I love Negronis, but in this case, it was the most disappointing drink we made with this gin. The cocktail was generally too sweet, and it was almost impossible to create balance since both Campari and vermouth are as well rather sweet ingredients.
The woodruff flavor also doesn't blend well with the bitter notes of the Campari. Even the excellent Antica Formula vermouth from Carpano could not save it.
We also tried Elixier in a hot cocktail called “Heißer Kirmes Apfel.” This one tastes fantastic, and you can easily make it at home. The recipe was developed and tested by the guys from Elixier and is perfect for a cold winter day.
Elixir comes in a special bottle design. The narrow, angular, rectangular, and somewhat whimsical bottle holds a total of 500ml. The old-school design of the label is entirely in black and white, reminiscent of the fairs and circuses of the 1920s. The bottle is closed with a natural cork which further enhances the vintage impression.
Although a bottle contains only half a liter of gin, it feels larger in the hand. This is mainly due to the unusual shape and the glass thickness which is therefore required.
The list of botanicals is long. In total, Elixier Gin contains 15 different botanicals that create a round and fresh flavor that is dominated by juniper and woodruff.
The 13 remaining botanicals include fennel, coriander seeds, citrus fruits, and anise. This mix complements the woodruff and juniper flavors well and creates a distinct sweet and herbal flavor profile.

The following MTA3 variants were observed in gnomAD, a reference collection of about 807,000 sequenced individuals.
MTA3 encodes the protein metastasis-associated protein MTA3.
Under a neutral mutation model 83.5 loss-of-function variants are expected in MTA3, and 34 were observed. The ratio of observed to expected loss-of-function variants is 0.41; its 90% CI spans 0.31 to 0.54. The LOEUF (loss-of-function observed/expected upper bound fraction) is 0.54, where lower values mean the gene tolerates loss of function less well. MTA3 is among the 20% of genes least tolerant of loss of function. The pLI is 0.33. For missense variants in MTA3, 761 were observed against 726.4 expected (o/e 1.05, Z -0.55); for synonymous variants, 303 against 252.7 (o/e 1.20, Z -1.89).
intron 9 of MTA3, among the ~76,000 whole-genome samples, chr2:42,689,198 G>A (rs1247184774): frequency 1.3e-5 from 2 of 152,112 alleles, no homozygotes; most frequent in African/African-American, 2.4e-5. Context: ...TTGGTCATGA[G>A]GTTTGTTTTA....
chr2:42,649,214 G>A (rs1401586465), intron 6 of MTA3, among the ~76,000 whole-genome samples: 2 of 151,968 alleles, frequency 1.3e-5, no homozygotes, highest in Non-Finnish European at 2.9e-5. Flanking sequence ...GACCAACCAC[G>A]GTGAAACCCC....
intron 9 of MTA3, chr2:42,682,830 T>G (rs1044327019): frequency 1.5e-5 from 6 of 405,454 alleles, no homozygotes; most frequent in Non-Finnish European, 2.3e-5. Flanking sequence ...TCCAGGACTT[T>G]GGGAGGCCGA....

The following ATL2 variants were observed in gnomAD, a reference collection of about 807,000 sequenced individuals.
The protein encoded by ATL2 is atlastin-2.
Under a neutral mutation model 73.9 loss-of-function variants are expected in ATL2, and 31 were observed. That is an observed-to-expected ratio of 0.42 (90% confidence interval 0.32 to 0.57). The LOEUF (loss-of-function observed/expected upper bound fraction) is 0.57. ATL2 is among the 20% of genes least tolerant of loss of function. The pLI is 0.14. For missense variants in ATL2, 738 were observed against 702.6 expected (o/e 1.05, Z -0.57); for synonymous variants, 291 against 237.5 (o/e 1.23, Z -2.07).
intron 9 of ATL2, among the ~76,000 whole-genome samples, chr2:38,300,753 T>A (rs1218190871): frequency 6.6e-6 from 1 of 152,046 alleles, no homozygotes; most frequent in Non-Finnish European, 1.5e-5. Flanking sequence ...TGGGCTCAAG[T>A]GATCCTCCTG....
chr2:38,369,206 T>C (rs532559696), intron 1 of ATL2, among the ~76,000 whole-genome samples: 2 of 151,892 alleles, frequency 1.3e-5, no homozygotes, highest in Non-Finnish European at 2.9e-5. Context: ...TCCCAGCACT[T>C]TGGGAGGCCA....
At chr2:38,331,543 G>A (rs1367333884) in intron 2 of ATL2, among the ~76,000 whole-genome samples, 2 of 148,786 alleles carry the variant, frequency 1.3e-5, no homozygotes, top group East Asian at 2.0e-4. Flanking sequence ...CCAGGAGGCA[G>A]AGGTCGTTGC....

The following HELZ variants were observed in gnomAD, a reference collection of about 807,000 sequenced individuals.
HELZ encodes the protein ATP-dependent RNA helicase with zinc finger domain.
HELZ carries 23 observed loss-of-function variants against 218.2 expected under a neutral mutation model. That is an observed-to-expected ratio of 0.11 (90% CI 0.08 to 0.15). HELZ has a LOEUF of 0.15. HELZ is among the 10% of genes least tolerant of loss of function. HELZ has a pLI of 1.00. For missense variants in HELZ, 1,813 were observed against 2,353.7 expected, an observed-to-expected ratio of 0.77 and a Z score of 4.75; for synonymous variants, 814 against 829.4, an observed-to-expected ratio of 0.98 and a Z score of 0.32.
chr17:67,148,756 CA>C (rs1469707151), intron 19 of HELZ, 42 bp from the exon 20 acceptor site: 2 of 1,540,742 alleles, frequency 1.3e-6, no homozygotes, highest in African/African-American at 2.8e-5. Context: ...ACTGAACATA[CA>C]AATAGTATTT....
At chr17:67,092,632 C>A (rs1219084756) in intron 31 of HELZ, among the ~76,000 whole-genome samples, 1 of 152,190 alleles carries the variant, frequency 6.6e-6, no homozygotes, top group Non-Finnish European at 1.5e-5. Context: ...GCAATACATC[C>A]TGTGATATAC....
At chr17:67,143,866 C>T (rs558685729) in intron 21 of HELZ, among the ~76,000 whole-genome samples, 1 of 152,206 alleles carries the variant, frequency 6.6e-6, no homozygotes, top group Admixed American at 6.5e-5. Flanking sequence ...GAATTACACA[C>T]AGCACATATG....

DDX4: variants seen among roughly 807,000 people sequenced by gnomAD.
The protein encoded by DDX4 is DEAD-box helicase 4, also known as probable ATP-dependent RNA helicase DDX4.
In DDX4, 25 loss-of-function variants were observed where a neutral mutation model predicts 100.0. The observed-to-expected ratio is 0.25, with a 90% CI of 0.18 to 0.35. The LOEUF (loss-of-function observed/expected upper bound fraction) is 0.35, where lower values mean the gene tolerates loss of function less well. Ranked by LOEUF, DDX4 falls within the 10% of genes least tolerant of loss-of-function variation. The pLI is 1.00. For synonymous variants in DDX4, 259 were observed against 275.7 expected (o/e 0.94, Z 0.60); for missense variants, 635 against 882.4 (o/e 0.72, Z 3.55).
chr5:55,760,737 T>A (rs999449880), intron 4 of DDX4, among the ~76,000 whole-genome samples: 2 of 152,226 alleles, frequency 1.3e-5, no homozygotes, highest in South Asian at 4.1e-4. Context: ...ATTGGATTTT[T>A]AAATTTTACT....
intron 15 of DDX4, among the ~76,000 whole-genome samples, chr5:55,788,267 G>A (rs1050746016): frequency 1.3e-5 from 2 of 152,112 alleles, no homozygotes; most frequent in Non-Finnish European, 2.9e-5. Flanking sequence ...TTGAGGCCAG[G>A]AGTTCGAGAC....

Most of these botanicals are commonly known, but some of you may never have heard of woodruff before - at least if you have not grown up in Germany. There, woodruff-flavored drinks and sweets are actually pretty popular.
When I first heard about Elixier, I was instantly intrigued. A gin based on woodruff certainly is something special. And because so many people don't even know this herb exists, I will give more detail on what woodruff actually is.
Woodruff – also known as “Master of the woods” (in German: Waldmeister) – has a sweet and earthy aroma, almost hay-like. Some also compare it to freshly mowed grass. The flavor is so intense that you might think it is artificial. - But it is not.
There are many medical use cases for woodruff: it is beneficial for strengthening your heart and helps with headaches, migraines, abdominal cramps, kidney stones, and even liver diseases.
Germans have a long tradition of woodruff-flavored drinks – alcoholic and non-alcoholic. You can get woodruff-flavored lemonade, ice pops, sweets, and beer.
About the brand
The Elixier Gin brand currently sells four different products. Besides the classic woodruff-flavored gin they also produce quince gin, Sloe Gin, and winter gin.
An homage to childhood memories. This introduction phrase from the brand sets the tone. This gin is fun. Its packaging is unique, and so is the taste.
Due to it being sweet and quite unusual, I would classify it as a New Western Dry Gin. This type of gin pushes the limits and implements new and unique ideas.
Elixir gin is a welcome change from classic London Dry Gins. The woodruff notes make this contemporary gin something truly special. The somewhat overly dominant sweetness and the resulting incompatibility in some classic gin cocktails prevent a higher rating.
The best way to enjoy this gin is on ice, garnished with lemon peel or a slice of lemon.